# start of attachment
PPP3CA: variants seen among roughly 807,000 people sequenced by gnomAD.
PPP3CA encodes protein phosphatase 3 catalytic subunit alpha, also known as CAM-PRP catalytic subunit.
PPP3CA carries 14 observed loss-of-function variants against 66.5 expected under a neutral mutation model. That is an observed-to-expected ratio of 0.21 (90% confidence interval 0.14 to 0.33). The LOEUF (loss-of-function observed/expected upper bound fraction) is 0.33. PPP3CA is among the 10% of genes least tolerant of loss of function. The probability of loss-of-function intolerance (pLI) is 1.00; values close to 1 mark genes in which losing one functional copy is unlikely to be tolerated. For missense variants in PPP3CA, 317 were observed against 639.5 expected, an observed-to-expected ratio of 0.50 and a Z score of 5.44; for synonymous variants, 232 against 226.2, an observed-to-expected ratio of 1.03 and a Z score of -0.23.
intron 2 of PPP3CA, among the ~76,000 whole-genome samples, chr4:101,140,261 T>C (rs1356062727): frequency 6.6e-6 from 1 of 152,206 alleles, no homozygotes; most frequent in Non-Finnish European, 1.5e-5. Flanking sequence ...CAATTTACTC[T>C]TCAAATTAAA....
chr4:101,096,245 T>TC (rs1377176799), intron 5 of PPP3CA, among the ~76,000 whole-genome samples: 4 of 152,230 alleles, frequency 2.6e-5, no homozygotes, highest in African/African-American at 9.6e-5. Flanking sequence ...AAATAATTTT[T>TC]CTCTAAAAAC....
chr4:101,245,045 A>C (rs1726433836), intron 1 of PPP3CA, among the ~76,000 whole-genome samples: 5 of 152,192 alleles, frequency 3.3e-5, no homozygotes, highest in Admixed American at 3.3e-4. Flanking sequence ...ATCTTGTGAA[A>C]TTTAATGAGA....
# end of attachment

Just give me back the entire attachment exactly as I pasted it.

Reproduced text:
PPP3CA: variants seen among roughly 807,000 people sequenced by gnomAD.
PPP3CA encodes protein phosphatase 3 catalytic subunit alpha, also known as CAM-PRP catalytic subunit.
PPP3CA carries 14 observed loss-of-function variants against 66.5 expected under a neutral mutation model. That is an observed-to-expected ratio of 0.21 (90% confidence interval 0.14 to 0.33). The LOEUF (loss-of-function observed/expected upper bound fraction) is 0.33. PPP3CA is among the 10% of genes least tolerant of loss of function. The probability of loss-of-function intolerance (pLI) is 1.00; values close to 1 mark genes in which losing one functional copy is unlikely to be tolerated. For missense variants in PPP3CA, 317 were observed against 639.5 expected, an observed-to-expected ratio of 0.50 and a Z score of 5.44; for synonymous variants, 232 against 226.2, an observed-to-expected ratio of 1.03 and a Z score of -0.23.
intron 2 of PPP3CA, among the ~76,000 whole-genome samples, chr4:101,140,261 T>C (rs1356062727): frequency 6.6e-6 from 1 of 152,206 alleles, no homozygotes; most frequent in Non-Finnish European, 1.5e-5. Flanking sequence ...CAATTTACTC[T>C]TCAAATTAAA....
chr4:101,096,245 T>TC (rs1377176799), intron 5 of PPP3CA, among the ~76,000 whole-genome samples: 4 of 152,230 alleles, frequency 2.6e-5, no homozygotes, highest in African/African-American at 9.6e-5. Flanking sequence ...AAATAATTTT[T>TC]CTCTAAAAAC....
chr4:101,245,045 A>C (rs1726433836), intron 1 of PPP3CA, among the ~76,000 whole-genome samples: 5 of 152,192 alleles, frequency 3.3e-5, no homozygotes, highest in Admixed American at 3.3e-4. Flanking sequence ...ATCTTGTGAA[A>C]TTTAATGAGA....